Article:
Step Into The Light.


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This story is now published as part of the anthology ‘Loyal and True’.

When this street light turns on everything changes.
I hate deadlines but I understand their value, especially to someone like me.
I spring into action as time runs out.
When that light turns on, my time will have run out.
I’ve been waiting here for what seems like forever but in reality it has only been a few hours.
It’s been raining on and off, the way it does in Melbourne, and I really don’t mind; I love the rain.
My bottom hurts from sitting for such a long time and I’m sick of the waitress glaring at me. It’s not as if the place is packed.
That’s another reason I love rainy days; people stay home and I get the streets to myself. Not the way that the nighttime clears the streets, but nearly as good.
I’ve been a bit worried about that street light because I’m sure that they go on when the light level gets low enough, and with the overcast conditions the damn thing is likely to fire up way too early.
I need all the time I can get.
If she doesn’t show, I’m done for, and everything depends on that street light.
Many years ago, whoever is responsible for such things, took down all the old street light poles and replaced them with boring modern ones that no one will mourn when their time comes. Somehow, the light poles in this street escaped that fate. Maybe a local bigwig kicked up a fuss at the time and managed to get them saved, or maybe a clerical error simply left this street off the list. The latter is more likely but I would like to believe the former.
No one is going to save me if she does not arrive before illumination.
It just occurred to me that maybe the bulb is blown, maybe they haven’t gotten around to fixing it yet?
Maybe I get a reprieve?
It’s better not to know when your time is up.
Blissfully ignorant would be a nice state to be in.
The damn thing just lit up.


photo credit:

11 thoughts on “Step Into The Light.

    • I’ve been sitting on this photo for quite a while and every time I get it out, and stare at it, it felt like there was a story in there but it would not come out. A couple of days ago I tried again. A light went on [no pun intended] and this is what came out.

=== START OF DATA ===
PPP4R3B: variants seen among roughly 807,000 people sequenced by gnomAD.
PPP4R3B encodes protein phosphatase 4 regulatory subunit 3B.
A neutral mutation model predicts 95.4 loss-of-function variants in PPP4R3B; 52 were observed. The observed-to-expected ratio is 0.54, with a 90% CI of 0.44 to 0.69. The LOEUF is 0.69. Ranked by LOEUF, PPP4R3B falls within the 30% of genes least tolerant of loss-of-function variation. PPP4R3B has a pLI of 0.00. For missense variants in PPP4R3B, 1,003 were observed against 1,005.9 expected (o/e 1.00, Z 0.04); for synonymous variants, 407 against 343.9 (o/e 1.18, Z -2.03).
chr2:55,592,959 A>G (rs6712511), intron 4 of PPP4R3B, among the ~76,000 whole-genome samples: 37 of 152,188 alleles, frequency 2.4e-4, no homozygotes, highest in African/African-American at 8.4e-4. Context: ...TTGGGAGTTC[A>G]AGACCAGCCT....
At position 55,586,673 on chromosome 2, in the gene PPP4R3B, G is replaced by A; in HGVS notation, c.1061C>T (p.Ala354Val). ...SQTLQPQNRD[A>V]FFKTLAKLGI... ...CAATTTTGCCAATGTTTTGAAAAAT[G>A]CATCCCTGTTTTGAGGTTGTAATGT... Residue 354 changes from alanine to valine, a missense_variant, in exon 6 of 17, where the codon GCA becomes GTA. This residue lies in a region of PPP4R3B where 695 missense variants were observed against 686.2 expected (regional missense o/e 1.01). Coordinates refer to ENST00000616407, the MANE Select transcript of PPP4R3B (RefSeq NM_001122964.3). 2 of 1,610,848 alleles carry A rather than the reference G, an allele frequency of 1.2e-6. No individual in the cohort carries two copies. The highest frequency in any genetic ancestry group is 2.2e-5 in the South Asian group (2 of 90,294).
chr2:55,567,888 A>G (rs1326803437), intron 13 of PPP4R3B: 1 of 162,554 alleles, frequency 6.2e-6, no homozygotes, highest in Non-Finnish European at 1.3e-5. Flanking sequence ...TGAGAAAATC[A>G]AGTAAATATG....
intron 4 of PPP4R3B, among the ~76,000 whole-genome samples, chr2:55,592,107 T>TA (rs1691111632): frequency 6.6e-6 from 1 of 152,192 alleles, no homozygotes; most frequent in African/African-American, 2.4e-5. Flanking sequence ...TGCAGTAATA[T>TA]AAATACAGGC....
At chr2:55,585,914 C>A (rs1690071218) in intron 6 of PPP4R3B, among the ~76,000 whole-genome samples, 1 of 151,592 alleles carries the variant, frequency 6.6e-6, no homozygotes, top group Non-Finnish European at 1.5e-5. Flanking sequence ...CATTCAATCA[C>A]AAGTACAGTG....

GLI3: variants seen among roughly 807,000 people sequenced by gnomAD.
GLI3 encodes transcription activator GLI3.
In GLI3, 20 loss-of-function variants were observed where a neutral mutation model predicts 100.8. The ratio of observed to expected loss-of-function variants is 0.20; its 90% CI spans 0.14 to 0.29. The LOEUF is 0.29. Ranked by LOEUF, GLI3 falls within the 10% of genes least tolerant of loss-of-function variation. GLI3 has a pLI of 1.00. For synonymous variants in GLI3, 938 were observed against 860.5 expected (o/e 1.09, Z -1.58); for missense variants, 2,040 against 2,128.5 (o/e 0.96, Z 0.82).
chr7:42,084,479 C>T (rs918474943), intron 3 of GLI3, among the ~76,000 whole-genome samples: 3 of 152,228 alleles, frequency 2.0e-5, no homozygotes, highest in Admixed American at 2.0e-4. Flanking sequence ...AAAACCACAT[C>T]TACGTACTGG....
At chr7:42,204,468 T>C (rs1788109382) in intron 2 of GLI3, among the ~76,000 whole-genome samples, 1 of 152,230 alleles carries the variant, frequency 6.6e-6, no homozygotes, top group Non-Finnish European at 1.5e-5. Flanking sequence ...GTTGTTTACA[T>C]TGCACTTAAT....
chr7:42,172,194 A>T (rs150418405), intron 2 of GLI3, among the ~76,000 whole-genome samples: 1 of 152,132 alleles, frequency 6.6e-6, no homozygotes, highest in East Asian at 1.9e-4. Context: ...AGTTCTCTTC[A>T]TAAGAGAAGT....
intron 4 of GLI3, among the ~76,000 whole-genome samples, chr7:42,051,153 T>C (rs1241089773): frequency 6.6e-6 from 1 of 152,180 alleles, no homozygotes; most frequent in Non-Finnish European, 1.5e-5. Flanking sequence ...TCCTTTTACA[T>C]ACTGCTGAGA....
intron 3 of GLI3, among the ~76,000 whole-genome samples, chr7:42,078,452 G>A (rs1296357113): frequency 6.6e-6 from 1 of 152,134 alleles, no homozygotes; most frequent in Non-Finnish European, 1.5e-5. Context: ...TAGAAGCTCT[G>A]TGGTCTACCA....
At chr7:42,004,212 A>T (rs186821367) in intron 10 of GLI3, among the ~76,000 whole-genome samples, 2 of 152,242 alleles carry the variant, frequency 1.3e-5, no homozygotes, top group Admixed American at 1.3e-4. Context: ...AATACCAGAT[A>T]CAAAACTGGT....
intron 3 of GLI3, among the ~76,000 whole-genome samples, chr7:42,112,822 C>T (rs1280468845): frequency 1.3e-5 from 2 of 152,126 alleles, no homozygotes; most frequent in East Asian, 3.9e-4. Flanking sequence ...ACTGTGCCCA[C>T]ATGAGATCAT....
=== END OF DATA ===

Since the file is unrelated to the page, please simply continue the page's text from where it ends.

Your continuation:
The interesting part has been the number of possible explanations that people have come up with. My ‘Ideal Reader’ thinks that it is a metaphor. Someone thought it was a spy drama.
      Personally I’m not sure what happens next, I’m only the writer and invariably, I’m the last to know.
      Thanks for taking the time to comment, and feel free to throw in a theory.


  1. G’day, mate! Think I disappeared up my own nether regions. Just couldn’t find a topic I wanted to write about 9and was very squeezed for time, too) so just lost interest. But, then, three days in a row and now I’m hankering for something else to write about. I envy your free time to indulge the art of reflection. Please keep making us think, matey!


  2. Lost love. Or unrequited love, is what I take from the scenario. Reminds me of that vacant park bench that captured us a while back. There is also an essential optimism: the willingness/determination to wait until the last possible moment in the expectation that something good will happen. Ever so often that ends in sadness but it is that most human of qualities that those with character will persist in a valiant task even if the odds are stacked against us.


  3. Terry, have you explored short fiction publications offline, too? (Are they any anymore???) Seems like the more specialized stuff does continue to live in print, btw. Are there any mystery/crime zines that you might consider? There’s always space in a good ish for short short fiction. (Or there should be!) In the States we have some writers organizations that keep folks posted on when the various deadlines are for contests and other submissions. Just a thought…. 🙂


    • I’m touched that you consider that I might make it into such a mag. Thank you, my ego is now one size larger.
      I have tracked down a few in North America and my next goal is to track down some in Australia. We have a long history of Lit’ Mags here but they have always struggled…….. big country but small population. I think the online thing should be helping [lower production costs] and I read somewhere that Lit Mags have started to ‘insist’ that contributors be subscribers as well. Sounds a bit rough when you first say it, but it might make sense in the long run. It’s a bit hard on those who have limited funds but if the Mags don’t survive there is nowhere to send your work, so survival is paramount.
      I’m currently trying to decide where to put my collection of rejection slips. It’s only a small pile at the moment but it is likely to grow.
      I really appreciate your encouragement. I’ve got my head down and I’m determined to see my stuff in someone’s publication.
      My my interesting rejection so far came from Alaska! Maybe Aussie does not translate well way up North? They were very nice about it though…. friendly folks in Alaska.


      • Just a thought, Terry, but what I’m suggesting is looking for something more genre, less general lit, in other words. Specialty mags seem to be a bit more open to good newcomers. There must be jillions of aspiring Hemingways but maybe only billions of would-be Simenons or Stephen Kings. I think all my published work (not a huge oeuvre, mind, but still, on newsstands from time to time!) has been in specialty publications–sports, media and now, food-related. I’m not up to speed on who that would be in your area but you get what I mean. (PS, and, yes, I hear folks in Alaska are very nice!!!) Good luck!


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